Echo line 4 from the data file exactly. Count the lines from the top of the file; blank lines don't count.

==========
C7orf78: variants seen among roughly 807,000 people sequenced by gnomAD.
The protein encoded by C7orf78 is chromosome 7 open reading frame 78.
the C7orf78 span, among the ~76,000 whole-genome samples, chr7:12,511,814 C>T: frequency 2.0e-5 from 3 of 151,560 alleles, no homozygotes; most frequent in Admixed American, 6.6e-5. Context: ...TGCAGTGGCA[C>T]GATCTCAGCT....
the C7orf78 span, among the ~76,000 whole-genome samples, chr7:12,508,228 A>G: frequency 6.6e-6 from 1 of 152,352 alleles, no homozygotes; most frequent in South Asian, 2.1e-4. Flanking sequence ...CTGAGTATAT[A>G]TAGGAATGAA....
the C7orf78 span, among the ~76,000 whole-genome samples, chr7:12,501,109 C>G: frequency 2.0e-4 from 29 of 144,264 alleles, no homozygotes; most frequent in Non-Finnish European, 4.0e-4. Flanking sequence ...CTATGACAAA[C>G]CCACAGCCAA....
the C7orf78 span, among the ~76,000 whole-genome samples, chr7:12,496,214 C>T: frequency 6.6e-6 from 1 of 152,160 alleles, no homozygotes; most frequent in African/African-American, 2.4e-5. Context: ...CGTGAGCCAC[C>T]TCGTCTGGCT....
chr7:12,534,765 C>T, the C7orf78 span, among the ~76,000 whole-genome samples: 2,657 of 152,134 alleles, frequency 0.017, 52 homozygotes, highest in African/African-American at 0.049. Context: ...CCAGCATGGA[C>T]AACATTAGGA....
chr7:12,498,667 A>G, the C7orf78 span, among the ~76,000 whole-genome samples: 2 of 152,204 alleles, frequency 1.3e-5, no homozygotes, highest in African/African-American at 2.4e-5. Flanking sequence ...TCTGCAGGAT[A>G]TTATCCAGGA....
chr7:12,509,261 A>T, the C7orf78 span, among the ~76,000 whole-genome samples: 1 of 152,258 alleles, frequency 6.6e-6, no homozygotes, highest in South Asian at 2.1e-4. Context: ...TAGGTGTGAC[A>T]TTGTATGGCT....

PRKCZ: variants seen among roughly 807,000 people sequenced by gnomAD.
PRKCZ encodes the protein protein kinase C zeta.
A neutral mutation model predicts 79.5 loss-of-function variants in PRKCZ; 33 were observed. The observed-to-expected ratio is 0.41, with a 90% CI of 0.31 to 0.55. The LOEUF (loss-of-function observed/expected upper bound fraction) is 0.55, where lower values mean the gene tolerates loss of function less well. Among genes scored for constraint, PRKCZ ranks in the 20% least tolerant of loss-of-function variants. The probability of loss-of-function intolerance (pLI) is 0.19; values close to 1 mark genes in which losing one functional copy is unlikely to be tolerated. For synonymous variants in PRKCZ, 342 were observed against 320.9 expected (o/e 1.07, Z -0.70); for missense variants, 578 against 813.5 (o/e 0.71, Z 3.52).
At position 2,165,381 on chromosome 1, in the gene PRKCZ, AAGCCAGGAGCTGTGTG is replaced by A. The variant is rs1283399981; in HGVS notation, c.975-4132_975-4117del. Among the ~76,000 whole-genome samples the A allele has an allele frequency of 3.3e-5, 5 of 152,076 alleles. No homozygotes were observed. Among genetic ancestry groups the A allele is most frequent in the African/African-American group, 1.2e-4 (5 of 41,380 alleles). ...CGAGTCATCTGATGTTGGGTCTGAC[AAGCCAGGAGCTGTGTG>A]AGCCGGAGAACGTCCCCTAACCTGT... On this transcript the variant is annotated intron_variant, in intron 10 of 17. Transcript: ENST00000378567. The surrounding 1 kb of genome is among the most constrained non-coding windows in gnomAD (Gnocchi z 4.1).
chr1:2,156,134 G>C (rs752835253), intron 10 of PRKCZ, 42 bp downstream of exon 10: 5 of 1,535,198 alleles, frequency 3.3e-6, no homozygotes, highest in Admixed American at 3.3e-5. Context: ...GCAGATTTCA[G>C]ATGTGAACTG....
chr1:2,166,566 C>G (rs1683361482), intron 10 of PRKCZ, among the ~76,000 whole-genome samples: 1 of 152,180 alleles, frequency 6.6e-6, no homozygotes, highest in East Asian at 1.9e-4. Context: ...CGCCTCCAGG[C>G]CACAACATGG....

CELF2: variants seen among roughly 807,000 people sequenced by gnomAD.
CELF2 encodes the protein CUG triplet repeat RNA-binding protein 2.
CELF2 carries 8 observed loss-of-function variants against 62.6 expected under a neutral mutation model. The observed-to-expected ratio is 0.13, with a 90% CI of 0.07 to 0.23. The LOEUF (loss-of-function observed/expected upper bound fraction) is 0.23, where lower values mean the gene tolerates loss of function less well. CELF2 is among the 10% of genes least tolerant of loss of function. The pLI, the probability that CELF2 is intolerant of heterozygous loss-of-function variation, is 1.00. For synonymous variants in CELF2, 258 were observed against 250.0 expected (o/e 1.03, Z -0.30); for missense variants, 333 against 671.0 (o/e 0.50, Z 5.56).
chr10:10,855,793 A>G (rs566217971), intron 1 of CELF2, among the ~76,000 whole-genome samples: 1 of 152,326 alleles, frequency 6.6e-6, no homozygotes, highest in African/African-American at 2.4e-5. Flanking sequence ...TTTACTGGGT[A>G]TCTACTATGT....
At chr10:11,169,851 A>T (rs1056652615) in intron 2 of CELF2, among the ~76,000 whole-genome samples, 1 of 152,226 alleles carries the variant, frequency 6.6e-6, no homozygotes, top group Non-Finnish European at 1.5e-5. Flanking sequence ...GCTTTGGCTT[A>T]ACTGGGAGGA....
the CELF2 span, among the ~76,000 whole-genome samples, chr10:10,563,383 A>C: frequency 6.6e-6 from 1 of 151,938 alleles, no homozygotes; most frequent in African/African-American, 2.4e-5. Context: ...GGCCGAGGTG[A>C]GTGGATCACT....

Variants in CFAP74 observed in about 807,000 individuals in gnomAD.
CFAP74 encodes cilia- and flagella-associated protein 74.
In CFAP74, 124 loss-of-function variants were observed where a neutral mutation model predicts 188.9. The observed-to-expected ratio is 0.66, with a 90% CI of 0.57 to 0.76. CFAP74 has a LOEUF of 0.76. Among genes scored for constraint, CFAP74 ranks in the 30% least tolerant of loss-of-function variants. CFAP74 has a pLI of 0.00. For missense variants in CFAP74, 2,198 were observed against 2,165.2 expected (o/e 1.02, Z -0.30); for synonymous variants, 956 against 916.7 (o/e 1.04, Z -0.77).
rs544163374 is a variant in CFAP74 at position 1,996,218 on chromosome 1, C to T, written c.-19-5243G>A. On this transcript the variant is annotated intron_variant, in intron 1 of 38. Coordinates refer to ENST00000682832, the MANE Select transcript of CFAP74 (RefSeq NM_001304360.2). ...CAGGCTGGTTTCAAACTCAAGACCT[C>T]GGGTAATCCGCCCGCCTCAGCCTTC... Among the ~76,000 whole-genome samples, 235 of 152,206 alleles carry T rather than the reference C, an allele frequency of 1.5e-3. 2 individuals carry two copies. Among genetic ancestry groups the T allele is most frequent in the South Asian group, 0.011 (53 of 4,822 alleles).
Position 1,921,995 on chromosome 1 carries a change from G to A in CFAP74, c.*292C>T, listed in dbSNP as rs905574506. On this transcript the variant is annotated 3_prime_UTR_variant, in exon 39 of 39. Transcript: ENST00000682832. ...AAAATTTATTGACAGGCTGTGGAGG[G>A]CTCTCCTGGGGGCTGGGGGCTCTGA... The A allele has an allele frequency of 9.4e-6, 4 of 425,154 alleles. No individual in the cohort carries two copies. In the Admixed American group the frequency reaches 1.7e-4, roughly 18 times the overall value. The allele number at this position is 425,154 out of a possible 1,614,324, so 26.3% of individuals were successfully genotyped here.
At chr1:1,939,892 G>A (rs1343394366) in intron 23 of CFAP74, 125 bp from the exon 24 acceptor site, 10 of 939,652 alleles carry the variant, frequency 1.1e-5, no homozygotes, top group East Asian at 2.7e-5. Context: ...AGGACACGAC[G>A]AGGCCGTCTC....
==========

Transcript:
the C7orf78 span, among the ~76,000 whole-genome samples, chr7:12,508,228 A>G: frequency 6.6e-6 from 1 of 152,352 alleles, no homozygotes; most frequent in South Asian, 2.1e-4. Flanking sequence ...CTGAGTATAT[A>G]TAGGAATGAA....